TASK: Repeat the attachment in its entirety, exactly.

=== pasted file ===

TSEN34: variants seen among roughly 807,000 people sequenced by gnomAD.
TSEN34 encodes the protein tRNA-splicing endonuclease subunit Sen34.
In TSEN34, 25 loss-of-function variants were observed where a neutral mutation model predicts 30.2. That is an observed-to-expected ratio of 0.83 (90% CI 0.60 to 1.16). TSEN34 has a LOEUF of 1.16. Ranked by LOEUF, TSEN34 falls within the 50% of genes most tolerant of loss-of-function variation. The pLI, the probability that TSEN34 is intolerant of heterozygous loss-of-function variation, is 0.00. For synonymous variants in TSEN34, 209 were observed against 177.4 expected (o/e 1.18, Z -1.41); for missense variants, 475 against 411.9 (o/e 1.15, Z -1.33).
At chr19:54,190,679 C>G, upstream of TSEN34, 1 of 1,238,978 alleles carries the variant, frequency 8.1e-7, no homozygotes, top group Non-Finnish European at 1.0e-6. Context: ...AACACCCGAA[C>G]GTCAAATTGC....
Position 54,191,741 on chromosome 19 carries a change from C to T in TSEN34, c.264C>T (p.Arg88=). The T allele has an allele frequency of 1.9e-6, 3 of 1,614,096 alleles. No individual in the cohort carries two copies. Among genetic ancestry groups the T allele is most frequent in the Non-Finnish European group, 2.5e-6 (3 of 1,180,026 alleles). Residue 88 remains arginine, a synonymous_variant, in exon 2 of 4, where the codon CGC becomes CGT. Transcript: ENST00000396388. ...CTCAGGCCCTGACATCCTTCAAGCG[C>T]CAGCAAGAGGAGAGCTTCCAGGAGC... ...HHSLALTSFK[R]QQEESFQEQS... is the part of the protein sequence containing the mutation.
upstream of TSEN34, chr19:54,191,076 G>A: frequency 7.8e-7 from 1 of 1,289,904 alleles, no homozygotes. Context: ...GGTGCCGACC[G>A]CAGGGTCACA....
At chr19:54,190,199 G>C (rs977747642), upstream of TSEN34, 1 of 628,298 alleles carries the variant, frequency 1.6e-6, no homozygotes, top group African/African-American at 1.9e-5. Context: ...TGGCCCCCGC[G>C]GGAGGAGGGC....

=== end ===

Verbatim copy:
TSEN34: variants seen among roughly 807,000 people sequenced by gnomAD.
TSEN34 encodes the protein tRNA-splicing endonuclease subunit Sen34.
In TSEN34, 25 loss-of-function variants were observed where a neutral mutation model predicts 30.2. That is an observed-to-expected ratio of 0.83 (90% CI 0.60 to 1.16). TSEN34 has a LOEUF of 1.16. Ranked by LOEUF, TSEN34 falls within the 50% of genes most tolerant of loss-of-function variation. The pLI, the probability that TSEN34 is intolerant of heterozygous loss-of-function variation, is 0.00. For synonymous variants in TSEN34, 209 were observed against 177.4 expected (o/e 1.18, Z -1.41); for missense variants, 475 against 411.9 (o/e 1.15, Z -1.33).
At chr19:54,190,679 C>G, upstream of TSEN34, 1 of 1,238,978 alleles carries the variant, frequency 8.1e-7, no homozygotes, top group Non-Finnish European at 1.0e-6. Context: ...AACACCCGAA[C>G]GTCAAATTGC....
Position 54,191,741 on chromosome 19 carries a change from C to T in TSEN34, c.264C>T (p.Arg88=). The T allele has an allele frequency of 1.9e-6, 3 of 1,614,096 alleles. No individual in the cohort carries two copies. Among genetic ancestry groups the T allele is most frequent in the Non-Finnish European group, 2.5e-6 (3 of 1,180,026 alleles). Residue 88 remains arginine, a synonymous_variant, in exon 2 of 4, where the codon CGC becomes CGT. Transcript: ENST00000396388. ...CTCAGGCCCTGACATCCTTCAAGCG[C>T]CAGCAAGAGGAGAGCTTCCAGGAGC... ...HHSLALTSFK[R]QQEESFQEQS... is the part of the protein sequence containing the mutation.
upstream of TSEN34, chr19:54,191,076 G>A: frequency 7.8e-7 from 1 of 1,289,904 alleles, no homozygotes. Context: ...GGTGCCGACC[G>A]CAGGGTCACA....
At chr19:54,190,199 G>C (rs977747642), upstream of TSEN34, 1 of 628,298 alleles carries the variant, frequency 1.6e-6, no homozygotes, top group African/African-American at 1.9e-5. Context: ...TGGCCCCCGC[G>C]GGAGGAGGGC....